VVP: Art 434 & Engl. 410
Thursday, February 26, 2009
Wednesday, February 25, 2009
A nice example of the kind of work Sayers champions can be examined in this article. My favorite line:
These Brooklynites, most in their 20s and 30s, are hand-making pickles, cheeses and chocolates the way others form bands and artists’ collectives.
It takes work to make this kind of thing happen. And patience. And interest in the thing itself. I'm reminded of Sayers' description of the shareholders of the brewery who don't just want to know about the bottom line but who "want to know what goes into the beer." Such principles of work and patience apply to visual artists and writers, of course, but artists and writers always want to make a mark, to achieve for their work some permanence. What about those who, like these Brooklynites, make something one consumes (in the truest sense) and which, by that consumption, vanishes from the world? There's something lovely in the idea, because it means finding validation in things other than in what is tangible and measurable: community, sustainability, stewardship, the pleasure of process, the worth of the hand-made thing. A show like How It's Made finds its audience in showing us the way what's lying around the house is manufactured. As one writer has pointed out (in an article I can't find), part of the show's mesmerizing appeal is its lack of a human presence. Our stuff - including much of our food - is made mostly by robots on assembly lines. I don't want to paint too broad and unfair a picture, but you don't hear a robot remark about the Fritos it has roasted and bagged, "These are pleasant to the sight and good for food..." Which may be a long way of explaining the appeal Richard Scarry's books have for my children (and me!).
Monday, February 23, 2009
One of the things Dorothy Sayers' writes in her essay "Why Work?", written during WWII in a period of scarcity and rationing, a crisis not totally unlike the economic crisis we currently face:
We have had to learn the bitter lesson that in all the world there are only two sources of real wealth: the fruit of the earth and the labor of men; and to estimate work not by the money it brings to the producer, but by the worth of the thing that is made.The best way to understand "the thing that is made," according to Sayers, is to "serve it." She writes,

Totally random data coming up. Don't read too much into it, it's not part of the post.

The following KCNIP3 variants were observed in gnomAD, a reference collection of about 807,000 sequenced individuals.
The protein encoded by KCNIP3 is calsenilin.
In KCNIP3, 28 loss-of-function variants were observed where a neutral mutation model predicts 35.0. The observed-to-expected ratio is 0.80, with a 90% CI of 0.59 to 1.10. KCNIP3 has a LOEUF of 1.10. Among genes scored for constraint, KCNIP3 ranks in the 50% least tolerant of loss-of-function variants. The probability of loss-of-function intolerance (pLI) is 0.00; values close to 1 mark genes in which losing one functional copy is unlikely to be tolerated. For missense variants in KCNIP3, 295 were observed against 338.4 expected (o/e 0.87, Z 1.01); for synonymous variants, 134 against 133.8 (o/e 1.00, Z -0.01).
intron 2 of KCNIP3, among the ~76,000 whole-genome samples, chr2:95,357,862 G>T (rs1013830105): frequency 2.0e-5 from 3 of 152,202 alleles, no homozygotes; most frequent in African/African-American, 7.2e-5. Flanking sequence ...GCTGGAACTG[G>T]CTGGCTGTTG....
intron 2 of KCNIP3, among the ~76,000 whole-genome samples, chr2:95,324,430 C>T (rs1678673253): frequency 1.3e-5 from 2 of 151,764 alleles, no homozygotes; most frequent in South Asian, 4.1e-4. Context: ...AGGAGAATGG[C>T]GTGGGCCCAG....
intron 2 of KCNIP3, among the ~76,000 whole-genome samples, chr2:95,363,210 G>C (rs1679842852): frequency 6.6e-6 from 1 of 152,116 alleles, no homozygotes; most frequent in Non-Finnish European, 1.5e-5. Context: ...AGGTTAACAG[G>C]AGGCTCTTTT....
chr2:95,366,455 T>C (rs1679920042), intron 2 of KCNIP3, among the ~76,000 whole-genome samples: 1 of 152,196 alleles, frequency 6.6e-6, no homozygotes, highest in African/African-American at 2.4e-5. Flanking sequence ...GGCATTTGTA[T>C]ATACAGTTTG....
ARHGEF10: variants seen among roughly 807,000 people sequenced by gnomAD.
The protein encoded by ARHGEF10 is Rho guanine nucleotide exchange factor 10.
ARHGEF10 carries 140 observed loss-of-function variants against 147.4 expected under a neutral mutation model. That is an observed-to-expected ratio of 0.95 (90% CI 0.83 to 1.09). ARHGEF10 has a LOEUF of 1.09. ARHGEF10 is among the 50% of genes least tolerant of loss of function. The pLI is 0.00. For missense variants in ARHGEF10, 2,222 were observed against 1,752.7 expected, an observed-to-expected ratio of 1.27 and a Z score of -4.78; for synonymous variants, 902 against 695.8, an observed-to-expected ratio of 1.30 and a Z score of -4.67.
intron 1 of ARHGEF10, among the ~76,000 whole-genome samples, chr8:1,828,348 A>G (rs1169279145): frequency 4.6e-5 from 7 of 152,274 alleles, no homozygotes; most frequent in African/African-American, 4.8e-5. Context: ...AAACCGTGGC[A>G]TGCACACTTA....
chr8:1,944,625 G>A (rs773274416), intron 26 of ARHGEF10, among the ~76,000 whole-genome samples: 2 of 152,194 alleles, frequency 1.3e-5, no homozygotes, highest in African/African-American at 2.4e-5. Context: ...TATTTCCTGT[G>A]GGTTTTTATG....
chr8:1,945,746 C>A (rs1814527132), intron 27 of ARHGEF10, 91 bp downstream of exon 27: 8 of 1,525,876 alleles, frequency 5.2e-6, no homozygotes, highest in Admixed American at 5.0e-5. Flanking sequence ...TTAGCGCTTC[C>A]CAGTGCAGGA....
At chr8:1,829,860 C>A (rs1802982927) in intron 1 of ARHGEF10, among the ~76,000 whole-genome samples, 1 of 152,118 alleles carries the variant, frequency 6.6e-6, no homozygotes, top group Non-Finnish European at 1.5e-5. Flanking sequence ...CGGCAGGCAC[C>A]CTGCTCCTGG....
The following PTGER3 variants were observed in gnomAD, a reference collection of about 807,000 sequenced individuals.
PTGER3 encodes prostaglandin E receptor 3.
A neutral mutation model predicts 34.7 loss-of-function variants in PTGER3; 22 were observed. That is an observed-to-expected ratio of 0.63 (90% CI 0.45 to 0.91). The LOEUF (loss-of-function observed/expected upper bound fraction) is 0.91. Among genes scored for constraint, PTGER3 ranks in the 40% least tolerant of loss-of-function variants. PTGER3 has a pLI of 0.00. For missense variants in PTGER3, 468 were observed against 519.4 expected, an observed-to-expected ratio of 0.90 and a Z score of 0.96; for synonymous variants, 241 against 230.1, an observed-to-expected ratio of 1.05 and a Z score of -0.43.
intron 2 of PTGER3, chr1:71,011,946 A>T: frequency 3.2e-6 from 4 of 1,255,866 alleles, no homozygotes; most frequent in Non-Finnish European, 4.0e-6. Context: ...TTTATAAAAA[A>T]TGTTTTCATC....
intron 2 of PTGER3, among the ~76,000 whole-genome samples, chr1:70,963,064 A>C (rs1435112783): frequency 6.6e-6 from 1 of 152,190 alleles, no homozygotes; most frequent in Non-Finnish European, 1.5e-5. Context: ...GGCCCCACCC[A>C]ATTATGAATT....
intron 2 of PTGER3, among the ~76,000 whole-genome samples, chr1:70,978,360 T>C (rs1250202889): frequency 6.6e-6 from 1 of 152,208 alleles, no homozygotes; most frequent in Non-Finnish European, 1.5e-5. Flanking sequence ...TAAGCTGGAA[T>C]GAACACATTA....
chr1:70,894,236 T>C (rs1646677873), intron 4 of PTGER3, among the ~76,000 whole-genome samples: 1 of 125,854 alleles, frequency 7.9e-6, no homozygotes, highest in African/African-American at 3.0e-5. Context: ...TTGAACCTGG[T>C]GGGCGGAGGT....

[The worker's] satisfaction comes, in the god-like manner, from looking upon what he has made and finding it very good. He is no longer bargaining with his work, but serving it. It is only when work has to be looked on as a means to gain that it becomes hateful; for then, instead of a friend, it becomes an enemy from whom tolls and contributions have to be extracted. What most of us demand from society is that we should always get out of it a little more than the value of the labor we give to it. By this process, we persuade ourselves that society is always in our debt - a coviction that not only piles up actual financial burdens, but leaves us with a grudge against society.Further, Sayers writes,
The greatest insult which a commercial age has offered to the worker has been to rob him of all interest in the end product of the work and to force him to dedicate his life to making badly things which were not worth making.Finally, describing how the damage a confusion of categories wreaks on society - in this case, a confusion of the right role of work in a person's life - is not mitigated by good - or even "holy" - intentions, Sayers comments,
No piety in the worker will compensate for work that is not true to itself; for any work that is untrue to its own technique is a living lie. [Emphasis mine.]This applies to the artist's and writer's work, but also to the furniture maker's, the gardener's, the grocer's, the engineer's and the rest. But it seems especially relevant to this class, where we flirt with the idea of blurring categories. We tread carefully, therefore. A short and entertaining essay, entitled "Great Book, Bad Movie," which explores what happens when you don't tread carefully, can be read here.
Wednesday, February 18, 2009
A lot has happened in the past week that has gone undocumented here. Our discussion of Dorothy Sayers' essay "Why Work?" has stayed with me, as has the idea, described a couple posts down, that progress brings tradeoffs. Two columns that address this, one of which is about the movie Wall-E, can be found here and here.
Sayers' essay also prompted my searching of Genesis, some passages of which I shared in class:
Sayers' essay also prompted my searching of Genesis, some passages of which I shared in class:
And God saw that is was good. - 1:12bThis is the first time this phrase is used in the creation story. One of the OED entries defines 'good' as "Having in adequate degree those properties which a thing of the kind ought to have," a definition anyone who makes should understand.
And the LORD God planted a garden in Eden, in the east; and there he put the man whom he had formed. Out of the ground the LORD God made to grow every tree that is pleasant to the sight and good for food... - 2:8-9Here, aesthetic consideration ("pleasant to the sight") is fused with utility ("good for food").
The LORD God took the man and put him in the garden of Eden to till it and keep it. - 2:15Before the fall, the man was put to work. He was made to work. Describing Adam & Eve's Edenic labor, Milton has it thusly: